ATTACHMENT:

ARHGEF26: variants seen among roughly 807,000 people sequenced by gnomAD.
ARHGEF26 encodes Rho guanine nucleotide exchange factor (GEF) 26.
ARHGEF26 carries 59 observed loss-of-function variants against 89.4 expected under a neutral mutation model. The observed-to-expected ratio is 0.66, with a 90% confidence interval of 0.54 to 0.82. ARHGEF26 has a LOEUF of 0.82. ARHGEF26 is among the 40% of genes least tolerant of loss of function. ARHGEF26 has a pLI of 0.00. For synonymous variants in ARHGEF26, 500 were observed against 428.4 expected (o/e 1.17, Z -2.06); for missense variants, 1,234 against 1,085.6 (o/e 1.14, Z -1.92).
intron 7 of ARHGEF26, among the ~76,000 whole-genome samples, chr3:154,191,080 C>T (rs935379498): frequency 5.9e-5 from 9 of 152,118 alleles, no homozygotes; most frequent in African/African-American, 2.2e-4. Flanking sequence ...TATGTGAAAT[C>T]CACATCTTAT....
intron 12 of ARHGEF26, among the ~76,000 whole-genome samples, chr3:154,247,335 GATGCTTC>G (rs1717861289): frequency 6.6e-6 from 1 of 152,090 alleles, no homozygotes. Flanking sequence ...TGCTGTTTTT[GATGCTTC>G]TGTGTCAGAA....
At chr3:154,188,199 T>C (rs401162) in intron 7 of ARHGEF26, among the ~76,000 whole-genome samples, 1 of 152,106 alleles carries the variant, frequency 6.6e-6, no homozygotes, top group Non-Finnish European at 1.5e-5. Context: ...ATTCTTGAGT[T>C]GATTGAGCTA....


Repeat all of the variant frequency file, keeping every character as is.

ARHGEF26: variants seen among roughly 807,000 people sequenced by gnomAD.
ARHGEF26 encodes Rho guanine nucleotide exchange factor (GEF) 26.
ARHGEF26 carries 59 observed loss-of-function variants against 89.4 expected under a neutral mutation model. The observed-to-expected ratio is 0.66, with a 90% confidence interval of 0.54 to 0.82. ARHGEF26 has a LOEUF of 0.82. ARHGEF26 is among the 40% of genes least tolerant of loss of function. ARHGEF26 has a pLI of 0.00. For synonymous variants in ARHGEF26, 500 were observed against 428.4 expected (o/e 1.17, Z -2.06); for missense variants, 1,234 against 1,085.6 (o/e 1.14, Z -1.92).
intron 7 of ARHGEF26, among the ~76,000 whole-genome samples, chr3:154,191,080 C>T (rs935379498): frequency 5.9e-5 from 9 of 152,118 alleles, no homozygotes; most frequent in African/African-American, 2.2e-4. Flanking sequence ...TATGTGAAAT[C>T]CACATCTTAT....
intron 12 of ARHGEF26, among the ~76,000 whole-genome samples, chr3:154,247,335 GATGCTTC>G (rs1717861289): frequency 6.6e-6 from 1 of 152,090 alleles, no homozygotes. Flanking sequence ...TGCTGTTTTT[GATGCTTC>G]TGTGTCAGAA....
At chr3:154,188,199 T>C (rs401162) in intron 7 of ARHGEF26, among the ~76,000 whole-genome samples, 1 of 152,106 alleles carries the variant, frequency 6.6e-6, no homozygotes, top group Non-Finnish European at 1.5e-5. Context: ...ATTCTTGAGT[T>C]GATTGAGCTA....